I digress. However, the film is full of questionable plot holes that intentionally and unintentionally pokes holes at the Old Testament itself. Now be warned there will be SPOILERS! Not the Bible bits, certain film sequences. I will try and be as cryptic as possible and as objective. Now obviously the premise we all know, in a world ravaged of sin, Noah is given a divine mission: to build an Ark to save creation from the coming flood. The opening sets up the background of the origin story of . . . us, really. Most of it, I knew. Other parts I had forgotten. Russell Crowe is a powerhouse actor and he provides a stellar performance. My main quip is his representation. Now Darren Aronofsky’s previous works have always been . . . out there. Pi, Requiem for a Dream, The (mind numbing) Fountain, and the more mainstream but surprisingly entertaining Black Swan. Aronofsky has pretty much made Noah as mainstream as possible. However, he transforms a man torn between fulfilling his duty to his Creator and the livelihood of his own family, into a demented maniac hell bent on achieving all means regardless.

Even more bizarrely, while the world is ravaged with sin, yadda yadda, a group of fallen angels are left to roam the rocky desolate landscapes. Now this part I was not aware of. The fallen angels are brilliantly designed, even if they look like Sloth from the Goonies had mated with one of the rock things from the Never Ending Story. And I couldn’t believe the talented voice cast behind them; Nick Nolte, Mark “Breaking Bad Tio Salamanca” Margolis and Kevin Durand (Real Steel and LOST). The crazy fight sequences between them and the monstrous human race desperate to board the Ark was entertaining if completely ridiculous. Aronofsky managed to convey more emotion and sympathy out of them than a number of the cast. Sir Anthony Hopkins manages to make a memorable impression in the limited screen time of the minor role of Methusaleh. It did have me pondering if Noah was allowed to save his family, why not his grandfather? Punishment for not being able to get the human race to conform and follow the righteous path? However, he was bonkers and wondered off a lot. To be honest, the supporting cast were strangely passive until the hour mark. The film was very much on the shoulders of Crowe. It was only when the humans in the area finally caught wind (come on, we’re better than that) of the Ark that things pick up, making for a tense, racy, riotous sequence. The visual CGI with the animals and the infamous flood are fantastic.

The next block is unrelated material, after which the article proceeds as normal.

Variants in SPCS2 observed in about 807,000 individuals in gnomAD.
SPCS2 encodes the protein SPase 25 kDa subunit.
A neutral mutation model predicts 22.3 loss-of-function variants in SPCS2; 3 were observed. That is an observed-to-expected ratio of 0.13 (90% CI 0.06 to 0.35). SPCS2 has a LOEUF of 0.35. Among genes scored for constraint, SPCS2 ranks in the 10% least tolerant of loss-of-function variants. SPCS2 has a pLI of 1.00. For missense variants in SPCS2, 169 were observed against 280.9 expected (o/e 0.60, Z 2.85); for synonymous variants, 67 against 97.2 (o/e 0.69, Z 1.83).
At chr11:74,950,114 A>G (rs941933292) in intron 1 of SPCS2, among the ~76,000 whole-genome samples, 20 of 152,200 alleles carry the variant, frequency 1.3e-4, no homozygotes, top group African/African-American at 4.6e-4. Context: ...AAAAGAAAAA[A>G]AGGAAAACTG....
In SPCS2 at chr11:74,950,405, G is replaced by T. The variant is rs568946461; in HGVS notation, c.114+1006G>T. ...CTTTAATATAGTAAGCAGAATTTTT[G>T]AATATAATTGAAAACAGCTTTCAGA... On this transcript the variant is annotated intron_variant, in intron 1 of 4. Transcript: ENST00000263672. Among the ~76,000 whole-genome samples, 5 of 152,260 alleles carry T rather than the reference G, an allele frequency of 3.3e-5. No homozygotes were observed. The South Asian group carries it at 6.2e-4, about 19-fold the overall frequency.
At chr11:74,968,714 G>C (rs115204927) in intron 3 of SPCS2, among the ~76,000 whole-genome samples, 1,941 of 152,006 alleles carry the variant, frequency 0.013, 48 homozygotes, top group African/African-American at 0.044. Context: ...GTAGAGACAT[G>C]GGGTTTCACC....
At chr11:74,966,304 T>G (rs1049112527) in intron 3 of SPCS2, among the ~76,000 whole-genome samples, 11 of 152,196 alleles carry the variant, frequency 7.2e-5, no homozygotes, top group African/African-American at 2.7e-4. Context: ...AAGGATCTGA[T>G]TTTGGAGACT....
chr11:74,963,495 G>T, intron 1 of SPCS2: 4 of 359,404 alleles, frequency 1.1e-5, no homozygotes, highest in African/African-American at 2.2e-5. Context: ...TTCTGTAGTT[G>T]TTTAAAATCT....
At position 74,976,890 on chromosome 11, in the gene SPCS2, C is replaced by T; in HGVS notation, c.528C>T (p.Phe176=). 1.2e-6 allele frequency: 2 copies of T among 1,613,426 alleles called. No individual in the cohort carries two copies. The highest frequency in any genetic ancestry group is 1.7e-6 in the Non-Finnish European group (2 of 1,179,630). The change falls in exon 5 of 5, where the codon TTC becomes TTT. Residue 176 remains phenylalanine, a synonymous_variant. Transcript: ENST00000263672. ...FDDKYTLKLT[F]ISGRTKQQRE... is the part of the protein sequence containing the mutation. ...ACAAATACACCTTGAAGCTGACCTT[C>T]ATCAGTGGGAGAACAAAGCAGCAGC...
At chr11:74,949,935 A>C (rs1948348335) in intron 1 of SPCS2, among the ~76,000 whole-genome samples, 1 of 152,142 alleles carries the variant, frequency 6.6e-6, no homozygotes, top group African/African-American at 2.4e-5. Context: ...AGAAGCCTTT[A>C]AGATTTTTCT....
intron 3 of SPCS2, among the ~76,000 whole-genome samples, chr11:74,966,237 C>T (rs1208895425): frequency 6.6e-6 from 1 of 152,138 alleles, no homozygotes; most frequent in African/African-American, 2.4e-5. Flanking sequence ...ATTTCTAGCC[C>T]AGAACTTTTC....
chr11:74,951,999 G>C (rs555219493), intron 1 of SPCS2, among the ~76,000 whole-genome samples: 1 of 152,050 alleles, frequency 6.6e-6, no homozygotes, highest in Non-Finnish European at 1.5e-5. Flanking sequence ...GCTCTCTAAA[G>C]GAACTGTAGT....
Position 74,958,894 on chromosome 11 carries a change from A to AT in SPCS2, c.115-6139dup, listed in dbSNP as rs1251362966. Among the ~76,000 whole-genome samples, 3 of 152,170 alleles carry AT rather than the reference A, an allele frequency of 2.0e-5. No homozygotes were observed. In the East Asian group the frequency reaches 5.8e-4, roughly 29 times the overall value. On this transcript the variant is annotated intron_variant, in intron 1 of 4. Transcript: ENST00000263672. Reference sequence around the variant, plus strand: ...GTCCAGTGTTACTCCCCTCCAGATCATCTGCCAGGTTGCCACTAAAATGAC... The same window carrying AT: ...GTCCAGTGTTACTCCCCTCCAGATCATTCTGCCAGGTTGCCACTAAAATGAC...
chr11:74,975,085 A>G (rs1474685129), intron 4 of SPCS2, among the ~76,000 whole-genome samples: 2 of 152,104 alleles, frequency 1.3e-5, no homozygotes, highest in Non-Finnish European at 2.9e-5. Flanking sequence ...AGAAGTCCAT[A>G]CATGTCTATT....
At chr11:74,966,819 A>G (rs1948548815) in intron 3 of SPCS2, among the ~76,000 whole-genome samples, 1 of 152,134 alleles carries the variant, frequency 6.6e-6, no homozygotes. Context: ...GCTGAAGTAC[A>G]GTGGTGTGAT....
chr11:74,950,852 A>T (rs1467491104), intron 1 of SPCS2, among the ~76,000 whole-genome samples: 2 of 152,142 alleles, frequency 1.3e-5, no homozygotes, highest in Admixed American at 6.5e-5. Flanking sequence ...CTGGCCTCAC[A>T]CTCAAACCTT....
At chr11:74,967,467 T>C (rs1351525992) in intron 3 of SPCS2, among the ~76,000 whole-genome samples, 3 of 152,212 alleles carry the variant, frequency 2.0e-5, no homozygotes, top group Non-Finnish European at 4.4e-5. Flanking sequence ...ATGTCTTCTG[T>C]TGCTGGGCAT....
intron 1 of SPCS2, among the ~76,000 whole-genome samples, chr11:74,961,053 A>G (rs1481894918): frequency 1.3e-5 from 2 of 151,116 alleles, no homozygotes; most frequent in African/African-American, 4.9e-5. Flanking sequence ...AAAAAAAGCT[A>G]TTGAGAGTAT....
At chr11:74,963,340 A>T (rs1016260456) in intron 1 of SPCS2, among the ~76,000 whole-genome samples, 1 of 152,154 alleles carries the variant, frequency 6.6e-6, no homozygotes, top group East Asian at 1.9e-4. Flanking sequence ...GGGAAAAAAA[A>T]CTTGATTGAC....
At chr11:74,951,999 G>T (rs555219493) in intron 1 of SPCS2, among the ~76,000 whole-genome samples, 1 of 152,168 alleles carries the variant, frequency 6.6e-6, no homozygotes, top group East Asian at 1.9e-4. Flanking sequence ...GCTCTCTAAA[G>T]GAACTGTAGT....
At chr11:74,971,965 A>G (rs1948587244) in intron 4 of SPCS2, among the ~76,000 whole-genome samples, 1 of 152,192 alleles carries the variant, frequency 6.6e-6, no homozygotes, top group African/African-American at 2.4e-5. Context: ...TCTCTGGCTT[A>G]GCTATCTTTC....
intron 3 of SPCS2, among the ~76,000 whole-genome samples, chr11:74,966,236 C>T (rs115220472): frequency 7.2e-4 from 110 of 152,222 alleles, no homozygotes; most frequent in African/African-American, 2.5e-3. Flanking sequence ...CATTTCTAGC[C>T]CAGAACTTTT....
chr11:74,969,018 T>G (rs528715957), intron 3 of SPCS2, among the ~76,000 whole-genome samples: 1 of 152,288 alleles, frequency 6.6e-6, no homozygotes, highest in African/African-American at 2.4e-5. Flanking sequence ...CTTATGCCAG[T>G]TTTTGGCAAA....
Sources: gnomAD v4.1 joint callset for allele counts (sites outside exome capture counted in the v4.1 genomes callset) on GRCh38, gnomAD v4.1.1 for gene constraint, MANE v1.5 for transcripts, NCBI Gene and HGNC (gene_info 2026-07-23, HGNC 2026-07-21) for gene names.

Douglas Booth (Romeo and Juliet) was highly unmemorable and passive as Shem. Logan Lerman (Perks of a Wallflower) and fellow co-star the beautiful Hermione, I mean, Emma Watson played their parts well and when given the time to shine, delivered solid performances. Jennifer Connolly (Labyrinth, always) reunites with Crowe (A Beautiful Mind) and manages to make a nothingy character stand out, especially in one tense if undeniably bizarre sequence that understandably might be where the controversy is coming from. The pair work well but fail to reignite that Beautiful Mind spark. Ray Winstone, I thought, was wonderfully gritty and gruesome as self proclaimed King Tubal-cain. Now it’s all down to how much of a Winstone fan you are. But I was pleasantly surprised and he stole the scene every time. For once, his grizzly growling was used to his strength. If you want to show the humans as nasty pieces of work, Winstone san. Once the Ark ascends, it all gets a little slow and drawn out. A slow burning if entertaining hour does not a good film make. And after two hours this film does test your resolve, if not for a tense finale.

NOW SPOILER TIME! AVOID IF YOU ARE CONSIDERING WATCHING THIS MOVIE! FOR THOSE WHO AREN’T FUSSED OR HAVE SEEN IT. CONTINUE READING THIS PARAGRAPH. Noah does everything to the letter for the Lord. He saves the animals and his family have the unexpected blessing that their son’s (well I would have assumed) wife is pregnant. Fantastic. Oh no, no. no. The human race must be no more. Which means the baby can be no more. If it is a boy, no probs. Can’t reproduce. If a girl, watch out. A compassionate hero becomes a demented mad man with one click of a finger. Unexpected? Yup. Watchable. Strangely so. Necessary? Ah, there’s the rub. Cue the time on the Ark as we wait nine months for the child to be born. Ray Winstone’s sneaky stowaway king plotting revenge for nine months? How did no one know he was on there? Also they made a herb that could knock out animals, how come it didn’t knock them out? A herb that would make them sleep for nine months? Without food or water? I mean, it’s a film but surely they could have had another trippy dream sequence in which the Lord told Noah to use said herb. I don’t know.

Visually ambitious, brilliantly acted, if drawn out, OTT, and questionably full of holes. However, this ark should manages to stay afloat, just. 3/5

Currently ranks #65 out of 161